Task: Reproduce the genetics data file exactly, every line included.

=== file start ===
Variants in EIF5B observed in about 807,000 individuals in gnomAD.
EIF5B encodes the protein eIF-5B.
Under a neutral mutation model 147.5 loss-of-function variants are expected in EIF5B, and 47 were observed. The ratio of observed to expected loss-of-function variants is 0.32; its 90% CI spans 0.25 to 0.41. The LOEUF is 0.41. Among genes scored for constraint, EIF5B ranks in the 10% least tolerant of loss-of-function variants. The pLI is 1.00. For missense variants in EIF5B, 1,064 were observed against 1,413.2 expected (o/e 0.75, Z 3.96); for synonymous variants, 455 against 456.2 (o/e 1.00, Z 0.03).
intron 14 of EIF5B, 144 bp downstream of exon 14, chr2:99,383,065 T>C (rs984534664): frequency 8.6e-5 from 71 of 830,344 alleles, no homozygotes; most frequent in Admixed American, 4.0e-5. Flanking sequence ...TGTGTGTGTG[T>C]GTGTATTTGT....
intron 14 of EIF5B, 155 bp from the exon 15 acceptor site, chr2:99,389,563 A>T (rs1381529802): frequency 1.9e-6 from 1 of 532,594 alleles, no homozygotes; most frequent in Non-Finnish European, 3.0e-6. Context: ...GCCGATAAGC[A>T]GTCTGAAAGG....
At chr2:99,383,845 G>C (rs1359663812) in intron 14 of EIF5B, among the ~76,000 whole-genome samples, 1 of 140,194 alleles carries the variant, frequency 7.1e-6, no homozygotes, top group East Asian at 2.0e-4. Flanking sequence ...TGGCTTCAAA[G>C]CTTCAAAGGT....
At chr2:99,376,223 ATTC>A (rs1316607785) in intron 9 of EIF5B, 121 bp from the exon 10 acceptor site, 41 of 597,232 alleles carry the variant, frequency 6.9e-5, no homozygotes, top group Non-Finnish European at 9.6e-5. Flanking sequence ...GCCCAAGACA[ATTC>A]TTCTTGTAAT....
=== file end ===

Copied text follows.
Variants in EIF5B observed in about 807,000 individuals in gnomAD.
EIF5B encodes the protein eIF-5B.
Under a neutral mutation model 147.5 loss-of-function variants are expected in EIF5B, and 47 were observed. The ratio of observed to expected loss-of-function variants is 0.32; its 90% CI spans 0.25 to 0.41. The LOEUF is 0.41. Among genes scored for constraint, EIF5B ranks in the 10% least tolerant of loss-of-function variants. The pLI is 1.00. For missense variants in EIF5B, 1,064 were observed against 1,413.2 expected (o/e 0.75, Z 3.96); for synonymous variants, 455 against 456.2 (o/e 1.00, Z 0.03).
intron 14 of EIF5B, 144 bp downstream of exon 14, chr2:99,383,065 T>C (rs984534664): frequency 8.6e-5 from 71 of 830,344 alleles, no homozygotes; most frequent in Admixed American, 4.0e-5. Flanking sequence ...TGTGTGTGTG[T>C]GTGTATTTGT....
intron 14 of EIF5B, 155 bp from the exon 15 acceptor site, chr2:99,389,563 A>T (rs1381529802): frequency 1.9e-6 from 1 of 532,594 alleles, no homozygotes; most frequent in Non-Finnish European, 3.0e-6. Context: ...GCCGATAAGC[A>T]GTCTGAAAGG....
At chr2:99,383,845 G>C (rs1359663812) in intron 14 of EIF5B, among the ~76,000 whole-genome samples, 1 of 140,194 alleles carries the variant, frequency 7.1e-6, no homozygotes, top group East Asian at 2.0e-4. Flanking sequence ...TGGCTTCAAA[G>C]CTTCAAAGGT....
At chr2:99,376,223 ATTC>A (rs1316607785) in intron 9 of EIF5B, 121 bp from the exon 10 acceptor site, 41 of 597,232 alleles carry the variant, frequency 6.9e-5, no homozygotes, top group Non-Finnish European at 9.6e-5. Flanking sequence ...GCCCAAGACA[ATTC>A]TTCTTGTAAT....